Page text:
19 November 2015
Ofcom today announced its decision to remove the regulation requiring Sky to offer Sky Sports 1 and 2 on a wholesale basis, as the company is now widely supplying these channels to other pay TV providers on commercial terms.
The 'wholesale must-offer' regulation was introduced in 2010 to promote choice and innovation for consumers through greater competition in pay TV .
Last year, Ofcom began a review to determine whether regulation remained appropriate.
Since 2010, consumers have been able to choose from a wider range of services, enabling them to watch sports through a range of pay TV broadcasters and devices.
Following consultation and evidence from stakeholders, Ofcom has found that Sky is now supplying sports widely on commercial terms outside of the regulation.
Given the evidence of Sky's supply arrangements, Ofcom is lifting the wholesale must-offer regulation. However, Ofcom will continue to monitor closely market developments and, if necessary, will quickly step back in.
Availability of sports content
Sky now makes Sky Sports available through commercial wholesale arrangements with its pay TV competitors, including BT, for its BT Vision service, TalkTalk and Virgin Media. Sky Sports channels are also available on Sky's internet-based NOW TV service, which can be accessed on a range of platforms and devices - such as EE TV, Apple TV, games consoles, smartphones and tablets, as well as NOW TV set-top boxes.
Since 2012, BT has invested over £2bn in building its sports offer, including 25% of Premier League rights and exclusive rights to broadcast all Champions League matches live until the 2017/18 season. BT Sport is now available on a number of platforms and devices, as well as being bundled with BT's broadband service.
New providers have entered or plan to enter the TV market, such as EE and Vodafone, and companies are increasingly competing to provide pay-TV services as part of a package that includes broadband and mobile.
Sky Sports on BT YouView
The only supply arrangement for Sky Sports 1 and 2 under Ofcom's wholesale must-offer regulation is with BT for its YouView service. Ofcom expects all providers to engage willingly, constructively and in a timely manner to ensure sports continues to be made widely available to viewers.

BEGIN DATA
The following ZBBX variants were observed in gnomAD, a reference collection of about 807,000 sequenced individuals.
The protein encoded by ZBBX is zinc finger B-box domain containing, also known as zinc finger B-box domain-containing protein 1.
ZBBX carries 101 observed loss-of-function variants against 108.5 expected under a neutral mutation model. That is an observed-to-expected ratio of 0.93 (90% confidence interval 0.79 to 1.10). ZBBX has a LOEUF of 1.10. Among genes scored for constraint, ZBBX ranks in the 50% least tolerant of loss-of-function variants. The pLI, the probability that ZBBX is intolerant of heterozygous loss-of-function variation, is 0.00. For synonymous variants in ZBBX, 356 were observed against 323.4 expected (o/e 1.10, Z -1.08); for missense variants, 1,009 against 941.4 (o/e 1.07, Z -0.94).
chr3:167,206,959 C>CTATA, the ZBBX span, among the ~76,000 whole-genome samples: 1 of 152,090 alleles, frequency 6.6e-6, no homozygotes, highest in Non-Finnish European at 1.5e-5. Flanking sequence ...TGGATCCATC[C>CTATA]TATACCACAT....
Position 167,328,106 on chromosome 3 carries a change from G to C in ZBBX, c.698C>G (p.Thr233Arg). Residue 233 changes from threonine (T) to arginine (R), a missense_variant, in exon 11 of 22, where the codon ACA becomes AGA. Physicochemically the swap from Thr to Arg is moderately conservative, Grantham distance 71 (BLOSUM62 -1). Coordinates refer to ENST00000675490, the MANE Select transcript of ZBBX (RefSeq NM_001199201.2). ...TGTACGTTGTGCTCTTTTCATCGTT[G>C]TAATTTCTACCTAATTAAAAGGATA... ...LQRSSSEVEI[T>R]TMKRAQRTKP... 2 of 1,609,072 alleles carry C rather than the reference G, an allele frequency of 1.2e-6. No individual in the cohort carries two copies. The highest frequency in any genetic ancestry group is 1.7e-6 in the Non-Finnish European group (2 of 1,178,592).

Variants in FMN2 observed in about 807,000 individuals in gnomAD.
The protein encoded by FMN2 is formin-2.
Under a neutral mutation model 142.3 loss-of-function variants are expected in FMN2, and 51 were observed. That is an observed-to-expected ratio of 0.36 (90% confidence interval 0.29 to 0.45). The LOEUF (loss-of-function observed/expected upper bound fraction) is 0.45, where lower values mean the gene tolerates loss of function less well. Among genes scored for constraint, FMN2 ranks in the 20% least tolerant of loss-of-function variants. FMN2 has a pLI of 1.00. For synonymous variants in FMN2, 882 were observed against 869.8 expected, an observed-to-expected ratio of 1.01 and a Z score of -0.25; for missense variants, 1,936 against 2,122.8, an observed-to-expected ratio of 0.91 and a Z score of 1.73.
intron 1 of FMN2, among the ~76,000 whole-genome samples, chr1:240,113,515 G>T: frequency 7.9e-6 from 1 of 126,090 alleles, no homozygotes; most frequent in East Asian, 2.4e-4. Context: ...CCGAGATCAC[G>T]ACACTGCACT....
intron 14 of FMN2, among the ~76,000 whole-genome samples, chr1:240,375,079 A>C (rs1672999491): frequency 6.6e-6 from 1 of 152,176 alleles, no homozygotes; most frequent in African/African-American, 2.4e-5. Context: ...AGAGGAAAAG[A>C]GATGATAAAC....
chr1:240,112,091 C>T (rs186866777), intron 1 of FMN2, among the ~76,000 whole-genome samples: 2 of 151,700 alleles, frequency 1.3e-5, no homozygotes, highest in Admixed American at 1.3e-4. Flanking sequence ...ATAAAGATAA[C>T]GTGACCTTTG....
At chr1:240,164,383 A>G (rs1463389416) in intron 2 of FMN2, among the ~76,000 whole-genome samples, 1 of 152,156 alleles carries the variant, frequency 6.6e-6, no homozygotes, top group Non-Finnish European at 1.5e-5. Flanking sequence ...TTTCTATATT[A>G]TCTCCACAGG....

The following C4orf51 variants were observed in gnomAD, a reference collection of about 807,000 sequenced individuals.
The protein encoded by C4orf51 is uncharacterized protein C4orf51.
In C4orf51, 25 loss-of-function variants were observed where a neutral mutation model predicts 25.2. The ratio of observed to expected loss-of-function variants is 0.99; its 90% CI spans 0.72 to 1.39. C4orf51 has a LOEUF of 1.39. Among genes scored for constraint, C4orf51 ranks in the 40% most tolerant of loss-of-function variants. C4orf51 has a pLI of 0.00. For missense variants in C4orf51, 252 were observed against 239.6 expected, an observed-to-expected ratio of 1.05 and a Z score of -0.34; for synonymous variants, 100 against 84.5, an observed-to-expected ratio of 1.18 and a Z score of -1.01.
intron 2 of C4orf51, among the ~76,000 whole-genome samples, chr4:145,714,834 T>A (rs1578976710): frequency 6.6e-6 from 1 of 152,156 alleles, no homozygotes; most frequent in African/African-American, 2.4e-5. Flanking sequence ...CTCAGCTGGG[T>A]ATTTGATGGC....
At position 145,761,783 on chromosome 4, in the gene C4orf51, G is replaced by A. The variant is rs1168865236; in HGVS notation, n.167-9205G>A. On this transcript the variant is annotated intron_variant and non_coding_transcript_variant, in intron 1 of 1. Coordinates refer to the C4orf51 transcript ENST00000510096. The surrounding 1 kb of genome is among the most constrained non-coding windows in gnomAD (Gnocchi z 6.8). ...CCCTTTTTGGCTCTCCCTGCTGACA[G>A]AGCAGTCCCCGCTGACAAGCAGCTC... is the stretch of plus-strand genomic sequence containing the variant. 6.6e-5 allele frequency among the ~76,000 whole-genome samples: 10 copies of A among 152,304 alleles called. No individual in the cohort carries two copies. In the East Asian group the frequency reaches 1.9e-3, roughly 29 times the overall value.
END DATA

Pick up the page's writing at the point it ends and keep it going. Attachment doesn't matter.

Ofcom continues to monitor the pay TV market closely. Should evidence emerge of practices which we consider to be prejudicial to fair and effective competition, we will quickly reassess the need for regulation. In particular, Ofcom wants to be sure that consumers continue to have access to, and a choice of, packages and services containing Sky Sports 1 and 2.
Pay TV is an important market that is valued by consumers, with 58% of UK homes now subscribing to a pay TV service. Ofcom wants to ensure choice and innovation is delivered to consumers through fair and effective competition.
Ofcom is examining how pay TV content is bundled with telecoms services as part of its wider Strategic Review of Digital Communications. Ofcom is considering responses to its July discussion document and initial conclusions are expected to be published at the turn of the year.
1 Ofcom's 2010 decision to impose the wholesale must-offer obligation on Sky was appealed to the Competition Appeal Tribunal (CAT). In 2010, the CAT put in place interim arrangements which maintained the wholesale must-offer regulation in place in respect of BT (on its BT Vision service), Virgin Media, Top-Up TV and Real Digital. In November 2014, the CAT extended the interim arrangements to BT YouView. The interim arrangements remain in place.
The Competition Appeal Tribunal (CAT) found that Ofcom had misinterpreted the evidence in concluding that Sky was not a willing wholesaler of its premium channels. The CAT also considered that Ofcom's concerns that Sky was engaging in practices with regard to wholesale prices and the supply of new products to Virgin Media which were prejudicial to fair and effective competition were unfounded. The CAT therefore allowed Sky's appeal. The CAT's decision was further appealed to the Court of Appeal. The Court of Appeal found that the CAT had failed to deal with Ofcom's competition concern regarding rate-card pricing in relation to new entrants. The Court of Appeal remitted the matter back to the CAT for further consideration. That process remains ongoing.
2 In June 2013, Ofcom opened an investigation into a complaint from BT alleging that Sky is abusing a dominant position by making wholesale supply of Sky Sports 1 and Sky Sports 2 to BT's YouView platform conditional on BT wholesaling its BT Sport channels to Sky for retail on Sky's satellite platform. Ofcom's investigation is ongoing and we will review the status of the complaint in due course.